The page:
THE MYTH OF THE WELFARE QUEEN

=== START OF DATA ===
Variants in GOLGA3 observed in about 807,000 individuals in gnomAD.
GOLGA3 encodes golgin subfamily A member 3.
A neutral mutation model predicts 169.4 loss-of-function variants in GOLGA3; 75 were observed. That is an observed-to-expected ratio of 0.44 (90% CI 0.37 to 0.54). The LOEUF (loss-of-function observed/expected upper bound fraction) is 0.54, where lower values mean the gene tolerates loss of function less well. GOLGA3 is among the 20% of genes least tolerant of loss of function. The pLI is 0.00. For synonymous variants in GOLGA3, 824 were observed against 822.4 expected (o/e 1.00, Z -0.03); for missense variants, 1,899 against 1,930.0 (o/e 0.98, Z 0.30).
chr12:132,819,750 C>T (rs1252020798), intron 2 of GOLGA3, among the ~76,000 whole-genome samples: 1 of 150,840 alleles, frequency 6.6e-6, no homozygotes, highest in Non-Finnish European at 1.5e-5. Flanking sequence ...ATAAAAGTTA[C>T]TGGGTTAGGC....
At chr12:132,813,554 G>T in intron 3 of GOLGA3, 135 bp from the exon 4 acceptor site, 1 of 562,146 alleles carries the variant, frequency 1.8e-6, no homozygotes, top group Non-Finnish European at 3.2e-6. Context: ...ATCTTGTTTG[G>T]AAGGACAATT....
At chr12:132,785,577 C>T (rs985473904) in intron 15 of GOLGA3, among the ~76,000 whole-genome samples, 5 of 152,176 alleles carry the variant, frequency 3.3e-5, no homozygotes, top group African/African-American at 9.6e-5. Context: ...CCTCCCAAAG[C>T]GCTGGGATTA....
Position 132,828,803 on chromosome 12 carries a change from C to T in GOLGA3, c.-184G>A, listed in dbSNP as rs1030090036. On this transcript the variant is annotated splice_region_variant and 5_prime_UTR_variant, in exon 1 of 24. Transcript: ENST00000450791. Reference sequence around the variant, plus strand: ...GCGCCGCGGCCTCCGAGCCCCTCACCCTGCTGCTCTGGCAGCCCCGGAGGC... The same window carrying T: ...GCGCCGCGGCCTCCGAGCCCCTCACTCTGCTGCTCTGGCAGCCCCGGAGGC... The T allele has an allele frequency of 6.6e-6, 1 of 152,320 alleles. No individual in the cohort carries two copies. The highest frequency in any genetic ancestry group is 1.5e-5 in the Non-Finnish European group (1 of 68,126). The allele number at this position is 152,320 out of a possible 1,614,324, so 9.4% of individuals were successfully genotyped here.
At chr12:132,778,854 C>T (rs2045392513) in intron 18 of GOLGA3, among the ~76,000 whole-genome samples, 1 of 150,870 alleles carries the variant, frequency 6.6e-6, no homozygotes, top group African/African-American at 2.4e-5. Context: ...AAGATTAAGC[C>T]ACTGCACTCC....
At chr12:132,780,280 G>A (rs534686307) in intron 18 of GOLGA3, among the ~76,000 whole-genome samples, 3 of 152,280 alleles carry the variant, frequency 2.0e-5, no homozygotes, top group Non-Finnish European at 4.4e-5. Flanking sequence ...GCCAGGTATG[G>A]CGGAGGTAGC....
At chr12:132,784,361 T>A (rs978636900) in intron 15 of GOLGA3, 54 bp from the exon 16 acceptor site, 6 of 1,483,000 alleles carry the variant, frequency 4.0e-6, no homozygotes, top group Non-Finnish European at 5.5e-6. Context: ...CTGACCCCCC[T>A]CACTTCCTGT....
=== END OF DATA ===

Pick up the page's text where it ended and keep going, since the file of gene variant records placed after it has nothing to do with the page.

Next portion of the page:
A PULITZER-PRIZE WINNING JOURNALIST'S PORTRAIT OF WOMEN ON THE LINE